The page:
‘The Government has just walked off the pitch’: ASLEF eviscerates ministers’ inaction over train drivers’ strike

'It’s almost as if they’re not very good at this’

Assistant General Secretary of the train drivers’ union ASLEF gave a scathing review of the Government’s handling – or lack of – towards the long-running strike action by train drivers. 

It comes as the union has announced a fresh set of strike dates, with train drivers taking further industrial action between Tuesday 30 January and Monday 5 February, in their call for better pay and conditions. 

Simon Weller of ASLEF told Sky News yesterday it was “ridiculous” that the dispute had been going on for 18 months now, as he laid into the inaction from Transport Secretary Mark Harper.

“Why have they just gone to ground? It’s almost as if they’re not very good at this. We want to talk, we want to resolve this,” Weller told the broadcaster.

He was then presented with the government’s most recent statement on the new strike announcement, which continued the narrative of using train drivers’ current salaries as a justification for not supporting a pay rise, despite steep rises in inflation and wage stagnation.

Weller interjected: “It’s the same statement that Harper’s been putting out since April – there’s no change.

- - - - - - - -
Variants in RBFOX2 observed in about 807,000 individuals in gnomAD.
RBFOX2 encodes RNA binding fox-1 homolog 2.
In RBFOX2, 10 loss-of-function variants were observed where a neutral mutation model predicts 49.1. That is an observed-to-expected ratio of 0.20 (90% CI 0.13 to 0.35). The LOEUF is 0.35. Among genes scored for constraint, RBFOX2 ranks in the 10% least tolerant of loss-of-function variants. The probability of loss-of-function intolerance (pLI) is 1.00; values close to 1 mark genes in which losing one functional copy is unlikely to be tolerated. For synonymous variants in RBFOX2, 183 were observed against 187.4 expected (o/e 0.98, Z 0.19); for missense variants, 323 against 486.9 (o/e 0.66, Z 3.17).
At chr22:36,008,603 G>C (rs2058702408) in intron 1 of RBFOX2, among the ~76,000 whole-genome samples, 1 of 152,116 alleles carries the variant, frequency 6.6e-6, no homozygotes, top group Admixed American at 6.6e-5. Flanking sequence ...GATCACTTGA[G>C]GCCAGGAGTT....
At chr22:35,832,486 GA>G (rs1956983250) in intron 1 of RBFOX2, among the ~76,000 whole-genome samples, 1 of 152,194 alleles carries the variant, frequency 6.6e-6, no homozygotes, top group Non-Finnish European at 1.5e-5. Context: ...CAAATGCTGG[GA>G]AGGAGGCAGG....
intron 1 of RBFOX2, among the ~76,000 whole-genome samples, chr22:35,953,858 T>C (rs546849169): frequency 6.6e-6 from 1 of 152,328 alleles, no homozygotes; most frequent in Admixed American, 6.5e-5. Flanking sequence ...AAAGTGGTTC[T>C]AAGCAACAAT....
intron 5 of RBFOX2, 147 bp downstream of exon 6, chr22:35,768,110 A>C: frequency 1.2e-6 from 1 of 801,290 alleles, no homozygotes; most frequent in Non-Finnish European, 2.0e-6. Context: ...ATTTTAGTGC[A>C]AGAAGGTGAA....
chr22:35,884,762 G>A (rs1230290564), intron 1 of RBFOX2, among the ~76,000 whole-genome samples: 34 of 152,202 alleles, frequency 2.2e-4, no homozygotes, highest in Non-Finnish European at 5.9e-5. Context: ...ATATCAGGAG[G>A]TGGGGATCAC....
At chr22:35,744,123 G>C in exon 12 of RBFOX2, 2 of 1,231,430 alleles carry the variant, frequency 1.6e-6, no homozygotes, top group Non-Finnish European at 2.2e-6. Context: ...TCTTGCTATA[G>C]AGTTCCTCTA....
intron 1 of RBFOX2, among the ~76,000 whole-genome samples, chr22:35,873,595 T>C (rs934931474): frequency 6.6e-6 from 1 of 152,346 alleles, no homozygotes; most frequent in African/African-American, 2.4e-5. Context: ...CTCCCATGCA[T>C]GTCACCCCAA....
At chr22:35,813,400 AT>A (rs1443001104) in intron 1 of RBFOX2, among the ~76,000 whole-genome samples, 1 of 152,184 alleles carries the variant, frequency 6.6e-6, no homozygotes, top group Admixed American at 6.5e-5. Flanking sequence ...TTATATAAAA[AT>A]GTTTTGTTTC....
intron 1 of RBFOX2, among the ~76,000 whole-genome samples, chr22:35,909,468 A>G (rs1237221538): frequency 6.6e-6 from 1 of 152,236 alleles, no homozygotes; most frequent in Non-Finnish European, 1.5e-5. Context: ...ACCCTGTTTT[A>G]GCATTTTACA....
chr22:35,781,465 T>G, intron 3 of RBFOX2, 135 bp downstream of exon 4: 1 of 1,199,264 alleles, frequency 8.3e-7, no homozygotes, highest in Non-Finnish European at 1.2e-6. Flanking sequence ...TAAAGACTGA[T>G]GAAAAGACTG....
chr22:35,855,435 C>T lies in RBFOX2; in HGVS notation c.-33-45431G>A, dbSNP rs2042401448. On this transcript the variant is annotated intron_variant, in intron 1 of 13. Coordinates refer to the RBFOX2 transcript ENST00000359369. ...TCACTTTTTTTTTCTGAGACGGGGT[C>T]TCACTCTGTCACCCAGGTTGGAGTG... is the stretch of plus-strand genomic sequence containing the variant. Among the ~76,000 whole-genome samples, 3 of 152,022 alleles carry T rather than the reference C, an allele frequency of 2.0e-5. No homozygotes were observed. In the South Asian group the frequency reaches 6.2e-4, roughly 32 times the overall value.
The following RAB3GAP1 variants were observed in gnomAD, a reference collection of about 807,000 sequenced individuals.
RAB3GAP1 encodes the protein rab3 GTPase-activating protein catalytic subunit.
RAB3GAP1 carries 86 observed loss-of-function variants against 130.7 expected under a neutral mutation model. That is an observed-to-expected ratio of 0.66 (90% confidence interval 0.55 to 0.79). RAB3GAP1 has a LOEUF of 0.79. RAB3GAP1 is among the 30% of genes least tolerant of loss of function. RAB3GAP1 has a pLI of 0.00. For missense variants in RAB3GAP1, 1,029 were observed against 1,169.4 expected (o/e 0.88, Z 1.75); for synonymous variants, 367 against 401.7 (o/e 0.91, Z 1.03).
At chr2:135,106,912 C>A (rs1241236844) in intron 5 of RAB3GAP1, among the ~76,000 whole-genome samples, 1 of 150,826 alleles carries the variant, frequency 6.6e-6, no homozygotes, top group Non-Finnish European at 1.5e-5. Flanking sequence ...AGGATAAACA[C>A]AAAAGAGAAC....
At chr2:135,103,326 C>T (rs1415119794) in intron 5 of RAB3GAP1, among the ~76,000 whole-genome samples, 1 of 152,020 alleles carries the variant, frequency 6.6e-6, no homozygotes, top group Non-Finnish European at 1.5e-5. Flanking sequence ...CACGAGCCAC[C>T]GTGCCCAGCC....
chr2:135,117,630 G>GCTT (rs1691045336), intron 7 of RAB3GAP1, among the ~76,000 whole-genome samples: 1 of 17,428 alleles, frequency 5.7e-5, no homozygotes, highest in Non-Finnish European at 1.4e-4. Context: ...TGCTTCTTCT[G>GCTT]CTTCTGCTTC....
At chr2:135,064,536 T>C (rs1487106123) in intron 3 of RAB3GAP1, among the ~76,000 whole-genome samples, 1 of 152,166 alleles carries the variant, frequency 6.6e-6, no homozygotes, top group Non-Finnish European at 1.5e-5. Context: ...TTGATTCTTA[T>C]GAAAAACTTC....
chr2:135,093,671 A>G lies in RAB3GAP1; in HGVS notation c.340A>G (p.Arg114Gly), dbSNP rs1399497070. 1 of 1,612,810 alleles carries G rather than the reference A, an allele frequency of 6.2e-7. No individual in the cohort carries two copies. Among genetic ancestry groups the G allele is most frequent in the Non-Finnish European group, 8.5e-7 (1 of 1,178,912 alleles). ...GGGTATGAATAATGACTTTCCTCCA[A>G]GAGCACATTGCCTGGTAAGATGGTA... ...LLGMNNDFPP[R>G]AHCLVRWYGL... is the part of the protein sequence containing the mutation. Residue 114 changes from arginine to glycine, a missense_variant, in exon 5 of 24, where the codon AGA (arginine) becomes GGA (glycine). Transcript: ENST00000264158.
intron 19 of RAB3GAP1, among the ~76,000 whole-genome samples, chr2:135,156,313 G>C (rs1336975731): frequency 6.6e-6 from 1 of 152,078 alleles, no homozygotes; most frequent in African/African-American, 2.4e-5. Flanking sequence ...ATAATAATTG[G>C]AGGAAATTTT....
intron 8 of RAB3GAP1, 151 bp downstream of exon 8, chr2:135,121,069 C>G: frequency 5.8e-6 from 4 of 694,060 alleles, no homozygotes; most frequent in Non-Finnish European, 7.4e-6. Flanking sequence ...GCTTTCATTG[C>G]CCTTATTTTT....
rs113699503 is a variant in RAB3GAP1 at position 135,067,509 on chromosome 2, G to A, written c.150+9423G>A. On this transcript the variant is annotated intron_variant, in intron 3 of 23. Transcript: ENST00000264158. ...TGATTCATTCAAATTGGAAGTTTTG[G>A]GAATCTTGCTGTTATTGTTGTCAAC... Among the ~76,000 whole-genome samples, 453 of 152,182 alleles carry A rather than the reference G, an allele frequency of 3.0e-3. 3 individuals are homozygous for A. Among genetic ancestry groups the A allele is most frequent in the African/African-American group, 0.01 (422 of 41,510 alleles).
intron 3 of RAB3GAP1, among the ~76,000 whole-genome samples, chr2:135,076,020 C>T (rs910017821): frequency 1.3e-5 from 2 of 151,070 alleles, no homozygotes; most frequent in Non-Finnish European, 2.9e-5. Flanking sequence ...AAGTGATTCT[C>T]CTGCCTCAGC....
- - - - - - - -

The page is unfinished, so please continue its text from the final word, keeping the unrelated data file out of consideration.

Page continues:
“There’s a market economy, if you want a market economy, that’s the rate for a train driver, but the bit he doesn’t include is the wholesale change to the terms and conditions. The productivity that they want but don’t want to pay for, across 16 different companies that all have different terms and conditions.

“It doesn’t work, it’s a one size fits all, it’s vague and it just cannot be implemented in the way they want it. 

He added: “We told them this at the time in April and said let’s talk about it, let’s continue talking, let’s get this resolved, but they’ve just walked off the pitch”.

According to ASLEF, it has been over a year since the union has received any contact from the Department for Transport. 

Commenting on the fresh strike action, ASLEF General Secretary Mick Whelan said: “Many of our members have now not had a single penny increase to their pay in half a decade, during which inflation soared and with it the cost of living.”

“Train drivers didn’t even ask for an increase during the Covid-19 pandemic when they worked throughout as key workers, risking their lives to allow NHS and other workers to travel.”

The strikes could also test the Government’s draconian Minimum Service Levels legislation, which Weller said would be an “absolute catastrophic” if train companies attempt to implement it. 

Hannah Davenport is news reporter at Left Foot Forward, focusing on trade unions and environmental issues

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